Alaska Natives Combating Substance Abuse and Related Violence through Self-Healing: A Report for the People (1999)

Bernie Segal, PhD 
Donna Burgess, PhD 
Denny DeGross, MA
Carl Hild, MS 
Brian Saylor, PhD, MPH

This 120 page report was funded by the Alaska Federation of Natives. It reflects the six contributing authors' combined personal and professional knowledge and experience about events affecting Alaska Natives. Its purpose is to inform readers about alcohol-related violence, why it happens, its effects, and the ways to reduce it. Although this report focuses on Alaska Natives, the discussion can apply to all people.

The report also discusses acculturation changes, and describes the effects of cultural change experienced by Alaska Natives. The relationship among acculturation stress, substance abuse, and violence is described. Of primary importance is the recognition of how loss of culture is interwoven with substance abuse and violence, and how vital cultural values and tradition are to the integrity of Alaska Native communities. In learning from Rupert Ross (1992), the following question applies: How does the unwillingness of the non-Native society in Alaska to acknowledge that Alaska's indigenous people have different values and institutions that have not lost their relevance and application despite over a hundreds years of cultural and technological advances, bear upon their affairs with indigenous people?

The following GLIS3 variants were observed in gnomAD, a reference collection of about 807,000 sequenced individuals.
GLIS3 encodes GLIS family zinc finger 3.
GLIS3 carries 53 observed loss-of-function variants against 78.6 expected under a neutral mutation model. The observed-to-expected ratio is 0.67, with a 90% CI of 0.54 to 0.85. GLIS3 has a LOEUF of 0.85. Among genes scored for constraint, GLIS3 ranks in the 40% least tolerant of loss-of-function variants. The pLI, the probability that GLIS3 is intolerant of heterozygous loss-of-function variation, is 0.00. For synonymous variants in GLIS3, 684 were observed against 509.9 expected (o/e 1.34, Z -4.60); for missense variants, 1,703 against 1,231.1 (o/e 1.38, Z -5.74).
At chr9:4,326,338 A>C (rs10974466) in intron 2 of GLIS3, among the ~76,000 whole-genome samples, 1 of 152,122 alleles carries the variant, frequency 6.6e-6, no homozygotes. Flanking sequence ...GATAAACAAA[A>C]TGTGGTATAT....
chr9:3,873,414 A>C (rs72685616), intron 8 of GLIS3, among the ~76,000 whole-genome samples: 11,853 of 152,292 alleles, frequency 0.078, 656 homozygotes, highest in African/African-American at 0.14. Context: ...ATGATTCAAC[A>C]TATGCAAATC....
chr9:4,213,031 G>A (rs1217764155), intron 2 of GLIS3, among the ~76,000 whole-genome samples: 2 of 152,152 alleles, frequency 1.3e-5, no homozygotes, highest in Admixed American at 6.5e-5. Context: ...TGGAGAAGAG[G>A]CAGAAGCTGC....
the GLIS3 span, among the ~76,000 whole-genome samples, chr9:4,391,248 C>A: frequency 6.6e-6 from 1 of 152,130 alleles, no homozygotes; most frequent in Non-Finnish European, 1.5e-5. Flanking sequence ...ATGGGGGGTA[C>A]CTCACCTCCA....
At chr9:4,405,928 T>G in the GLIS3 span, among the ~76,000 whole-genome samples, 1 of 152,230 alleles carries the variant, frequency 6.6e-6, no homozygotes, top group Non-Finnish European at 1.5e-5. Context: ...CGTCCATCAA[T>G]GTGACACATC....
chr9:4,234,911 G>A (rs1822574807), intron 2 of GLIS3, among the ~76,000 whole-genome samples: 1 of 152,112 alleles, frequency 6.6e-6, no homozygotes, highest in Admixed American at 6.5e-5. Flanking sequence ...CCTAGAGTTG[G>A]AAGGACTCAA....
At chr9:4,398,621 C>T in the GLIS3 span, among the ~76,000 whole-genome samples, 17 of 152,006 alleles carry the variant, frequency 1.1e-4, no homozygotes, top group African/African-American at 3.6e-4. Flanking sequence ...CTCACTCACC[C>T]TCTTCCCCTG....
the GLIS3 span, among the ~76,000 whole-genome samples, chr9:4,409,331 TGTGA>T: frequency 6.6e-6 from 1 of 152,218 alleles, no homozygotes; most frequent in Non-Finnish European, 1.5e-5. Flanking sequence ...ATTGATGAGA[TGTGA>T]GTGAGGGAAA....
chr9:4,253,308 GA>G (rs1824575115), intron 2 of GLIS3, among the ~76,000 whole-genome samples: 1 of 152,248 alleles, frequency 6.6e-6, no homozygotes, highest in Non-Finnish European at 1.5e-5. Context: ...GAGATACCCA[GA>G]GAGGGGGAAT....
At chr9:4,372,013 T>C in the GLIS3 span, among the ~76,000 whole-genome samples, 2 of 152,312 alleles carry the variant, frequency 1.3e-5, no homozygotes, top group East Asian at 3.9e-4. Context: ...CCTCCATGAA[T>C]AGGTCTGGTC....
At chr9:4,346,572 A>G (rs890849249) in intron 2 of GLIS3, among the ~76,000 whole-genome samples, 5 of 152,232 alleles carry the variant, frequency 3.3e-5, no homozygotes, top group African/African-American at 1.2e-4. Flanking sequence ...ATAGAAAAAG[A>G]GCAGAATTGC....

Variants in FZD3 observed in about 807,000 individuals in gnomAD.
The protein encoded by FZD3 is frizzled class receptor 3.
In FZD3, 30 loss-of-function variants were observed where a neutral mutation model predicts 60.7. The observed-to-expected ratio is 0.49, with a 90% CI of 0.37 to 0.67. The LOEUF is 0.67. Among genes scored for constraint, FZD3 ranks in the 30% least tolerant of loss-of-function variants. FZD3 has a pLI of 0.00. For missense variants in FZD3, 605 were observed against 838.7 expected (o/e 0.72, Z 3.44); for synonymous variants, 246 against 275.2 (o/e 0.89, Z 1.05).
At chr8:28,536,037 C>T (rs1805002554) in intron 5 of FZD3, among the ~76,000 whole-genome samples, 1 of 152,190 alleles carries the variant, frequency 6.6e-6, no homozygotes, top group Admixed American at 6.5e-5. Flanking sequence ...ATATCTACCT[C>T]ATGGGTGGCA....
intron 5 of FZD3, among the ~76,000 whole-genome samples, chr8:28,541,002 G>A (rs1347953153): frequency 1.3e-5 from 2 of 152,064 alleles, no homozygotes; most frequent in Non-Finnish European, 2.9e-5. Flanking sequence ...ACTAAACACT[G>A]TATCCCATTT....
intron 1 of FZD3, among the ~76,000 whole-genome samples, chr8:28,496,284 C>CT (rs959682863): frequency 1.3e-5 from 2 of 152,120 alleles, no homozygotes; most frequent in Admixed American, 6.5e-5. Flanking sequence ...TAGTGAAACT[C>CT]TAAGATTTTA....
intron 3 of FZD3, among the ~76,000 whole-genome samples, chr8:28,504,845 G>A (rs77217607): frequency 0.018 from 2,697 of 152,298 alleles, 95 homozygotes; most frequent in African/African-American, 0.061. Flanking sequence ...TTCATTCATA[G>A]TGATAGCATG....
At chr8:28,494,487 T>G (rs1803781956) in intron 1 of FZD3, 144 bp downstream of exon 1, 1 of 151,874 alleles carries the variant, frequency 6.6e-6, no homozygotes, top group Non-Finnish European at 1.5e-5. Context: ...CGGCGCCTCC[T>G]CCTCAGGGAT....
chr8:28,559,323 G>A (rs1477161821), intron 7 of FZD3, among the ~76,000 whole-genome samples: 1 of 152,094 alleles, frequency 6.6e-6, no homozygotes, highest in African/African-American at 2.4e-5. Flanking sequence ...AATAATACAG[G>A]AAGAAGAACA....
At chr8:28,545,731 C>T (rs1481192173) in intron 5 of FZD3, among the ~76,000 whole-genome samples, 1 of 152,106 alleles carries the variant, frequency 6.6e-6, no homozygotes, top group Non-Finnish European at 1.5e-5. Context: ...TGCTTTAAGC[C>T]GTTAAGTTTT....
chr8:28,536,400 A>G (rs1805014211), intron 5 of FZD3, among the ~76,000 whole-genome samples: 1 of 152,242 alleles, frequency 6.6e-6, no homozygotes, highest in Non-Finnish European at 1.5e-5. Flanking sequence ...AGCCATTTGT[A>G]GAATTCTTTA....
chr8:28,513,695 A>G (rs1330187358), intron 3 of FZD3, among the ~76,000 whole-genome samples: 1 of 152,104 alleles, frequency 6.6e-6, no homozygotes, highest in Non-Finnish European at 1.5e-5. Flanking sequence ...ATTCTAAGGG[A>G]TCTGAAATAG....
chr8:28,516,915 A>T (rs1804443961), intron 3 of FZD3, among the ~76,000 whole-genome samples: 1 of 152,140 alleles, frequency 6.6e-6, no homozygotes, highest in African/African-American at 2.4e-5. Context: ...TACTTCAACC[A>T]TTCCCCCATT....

The answer, again learning from Rupert Ross, is that as long as the government and the agencies of Alaska, as well as federal authorities, fail to recognize that Alaska Natives still value their traditional practices and institutions, and as long as non-Natives insist that Alaska Natives abandon their ancestral heritage and embrace western ways, cultural stress will continue and Alaska Natives will be vulnerable to its effects. Ross (1992) also stated that, And so long as the government and the officials...continue to act as if the original people are the only ones in need of instruction and improvement, so long will suspicion and distrust continue” (p  ix). 
  
A large section of the report deals with this situation, and talks about how the non-Native community can begin supporting Native communities to regain traditions and to achieve healing. Neither the Native nor non-Native worlds can live apart. Each has to learn from one another.

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